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Old July 15th, 2009, 06:12 PM   #1
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Help from the wedding guys

I have to shoot b-roll of a Indian (Islamic) wedding for TLC with EX-3, I need to mic the bride and groom and was wondering, when is the best time to mic them up and where would you place mic transmitter on a wedding dress? I don't want to be too much of a bother, but I need their audio.
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Old July 15th, 2009, 06:48 PM   #2
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Don't know anyone that mics up the bride.
(You'd be a very game person to get under that dress!)- and they don't make white mics!

Just mic up the groom on his lapel and put the transmitter on the inside pocket of his coat.

The mic will do both of them as they face each other for their vows.

(hint - don't put the mic up too high on his lapel to get a more even cover between the two of them, somewhere about his breast level will stop his breath blowing into the mic and give the latitude to pick her up clearer as well).

2. Mic him up when you get to the ceremony and pull the mic off him as soon as he walks out the door afterwards. If he worries about recording everthing he says just say you have a mixer in the camera and you'll turn it on only for the vows, and I set up the Ex 1 this way. I leave the menu set at audio input Ch 1 as the last thing before the ceremony, so when the time comes to use the lapel mic, hit the menu button change from ch 1 input to ch 1/2 and hey presto, (unless your battery has died inthe meantime) lapel sound on channel two!

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Old July 15th, 2009, 07:22 PM   #3
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When I did...Bridezilla's for the WE Network a few years back....all we did was to mike the groom and the preacher, as they were all very close to each other and we got very good audio..... groom on one channel and the preacher on the other.....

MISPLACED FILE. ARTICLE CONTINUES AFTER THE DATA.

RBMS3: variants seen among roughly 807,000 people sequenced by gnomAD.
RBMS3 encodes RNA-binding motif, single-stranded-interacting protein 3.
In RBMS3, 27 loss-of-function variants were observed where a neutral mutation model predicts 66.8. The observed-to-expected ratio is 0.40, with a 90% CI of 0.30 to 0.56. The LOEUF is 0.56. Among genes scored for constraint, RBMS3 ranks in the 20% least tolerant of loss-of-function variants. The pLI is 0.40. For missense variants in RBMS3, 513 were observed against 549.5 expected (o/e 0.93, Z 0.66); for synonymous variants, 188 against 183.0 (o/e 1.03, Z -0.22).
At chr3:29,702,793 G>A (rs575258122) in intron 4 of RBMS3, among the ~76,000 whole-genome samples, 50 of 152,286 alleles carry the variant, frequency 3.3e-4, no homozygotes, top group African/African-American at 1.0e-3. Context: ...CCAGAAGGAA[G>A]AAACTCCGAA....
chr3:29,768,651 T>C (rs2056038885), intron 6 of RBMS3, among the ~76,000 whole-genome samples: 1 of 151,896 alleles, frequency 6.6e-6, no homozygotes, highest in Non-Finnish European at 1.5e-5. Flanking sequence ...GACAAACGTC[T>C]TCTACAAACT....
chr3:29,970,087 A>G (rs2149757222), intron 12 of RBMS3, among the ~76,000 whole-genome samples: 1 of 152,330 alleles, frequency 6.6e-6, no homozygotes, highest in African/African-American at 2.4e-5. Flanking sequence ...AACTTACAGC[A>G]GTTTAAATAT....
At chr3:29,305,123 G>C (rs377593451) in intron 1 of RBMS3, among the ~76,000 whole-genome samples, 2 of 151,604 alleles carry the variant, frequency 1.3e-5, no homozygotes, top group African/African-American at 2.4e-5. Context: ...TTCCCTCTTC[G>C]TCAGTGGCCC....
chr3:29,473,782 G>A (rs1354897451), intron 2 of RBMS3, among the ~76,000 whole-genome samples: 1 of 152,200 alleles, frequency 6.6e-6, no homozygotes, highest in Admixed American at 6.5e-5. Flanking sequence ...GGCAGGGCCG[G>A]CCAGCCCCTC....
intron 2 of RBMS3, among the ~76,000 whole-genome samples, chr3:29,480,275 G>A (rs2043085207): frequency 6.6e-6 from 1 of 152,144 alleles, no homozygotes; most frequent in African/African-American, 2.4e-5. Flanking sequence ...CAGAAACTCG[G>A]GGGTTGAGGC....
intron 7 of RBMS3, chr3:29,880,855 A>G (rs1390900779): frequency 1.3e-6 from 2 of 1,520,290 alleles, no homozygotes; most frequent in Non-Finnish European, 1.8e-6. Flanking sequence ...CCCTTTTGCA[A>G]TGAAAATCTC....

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Old July 15th, 2009, 07:46 PM   #4
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there are numerous ways to place the body pak on a bride and yes, I have been under the dress once. Only once. The other time I had one of the BMs go under. Other than that it has to be installed on the back of the dress and even if put on the dress so it's between the body and the dress it'll show. There is one other way and that's on the thigh using a 'garter' type strap around the thigh to hold the pak. Yes it needs to go on the inside of the thigh.
HOWERVER, they do make white mics. It just depends on what unit your're using and how much you want to spend. Both Countryman and Tram offer white mics.
But in answer to your question, I go along with everyone else. Simply mic the groom carefully about 15 or 20 minutes prior to the ceremony, do a sound check and you should be good to go.
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Old July 15th, 2009, 08:12 PM   #5
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So how many of you guys mic the groom and use a wired lapel to a pocket recorder? I've heard of that being done too.. although to me it seems way too easy for the groom to accidentally turn it off and screw it up. Is it any cheaper? I think lapel wifi systems are like what $500 or so for two mics and the transceivers and the unit that plugs in to the camera?